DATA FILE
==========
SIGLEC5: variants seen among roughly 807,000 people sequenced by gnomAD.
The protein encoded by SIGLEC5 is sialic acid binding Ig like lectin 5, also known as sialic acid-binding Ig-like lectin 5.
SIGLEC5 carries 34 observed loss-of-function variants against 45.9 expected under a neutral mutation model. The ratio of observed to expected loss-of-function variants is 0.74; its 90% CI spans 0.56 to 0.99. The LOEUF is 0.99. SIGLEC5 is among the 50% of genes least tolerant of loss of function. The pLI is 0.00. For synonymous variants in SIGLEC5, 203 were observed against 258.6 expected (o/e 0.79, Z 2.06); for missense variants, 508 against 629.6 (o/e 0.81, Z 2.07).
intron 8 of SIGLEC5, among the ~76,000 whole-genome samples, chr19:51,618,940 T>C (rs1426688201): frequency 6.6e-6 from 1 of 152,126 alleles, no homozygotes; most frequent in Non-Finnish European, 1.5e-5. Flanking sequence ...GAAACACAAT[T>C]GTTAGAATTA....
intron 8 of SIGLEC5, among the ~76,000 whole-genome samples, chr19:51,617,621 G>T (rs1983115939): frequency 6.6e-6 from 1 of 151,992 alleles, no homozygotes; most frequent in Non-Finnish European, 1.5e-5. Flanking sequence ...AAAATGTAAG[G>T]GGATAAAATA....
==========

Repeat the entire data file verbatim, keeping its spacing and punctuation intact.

SIGLEC5: variants seen among roughly 807,000 people sequenced by gnomAD.
The protein encoded by SIGLEC5 is sialic acid binding Ig like lectin 5, also known as sialic acid-binding Ig-like lectin 5.
SIGLEC5 carries 34 observed loss-of-function variants against 45.9 expected under a neutral mutation model. The ratio of observed to expected loss-of-function variants is 0.74; its 90% CI spans 0.56 to 0.99. The LOEUF is 0.99. SIGLEC5 is among the 50% of genes least tolerant of loss of function. The pLI is 0.00. For synonymous variants in SIGLEC5, 203 were observed against 258.6 expected (o/e 0.79, Z 2.06); for missense variants, 508 against 629.6 (o/e 0.81, Z 2.07).
intron 8 of SIGLEC5, among the ~76,000 whole-genome samples, chr19:51,618,940 T>C (rs1426688201): frequency 6.6e-6 from 1 of 152,126 alleles, no homozygotes; most frequent in Non-Finnish European, 1.5e-5. Flanking sequence ...GAAACACAAT[T>C]GTTAGAATTA....
intron 8 of SIGLEC5, among the ~76,000 whole-genome samples, chr19:51,617,621 G>T (rs1983115939): frequency 6.6e-6 from 1 of 151,992 alleles, no homozygotes; most frequent in Non-Finnish European, 1.5e-5. Flanking sequence ...AAAATGTAAG[G>T]GGATAAAATA....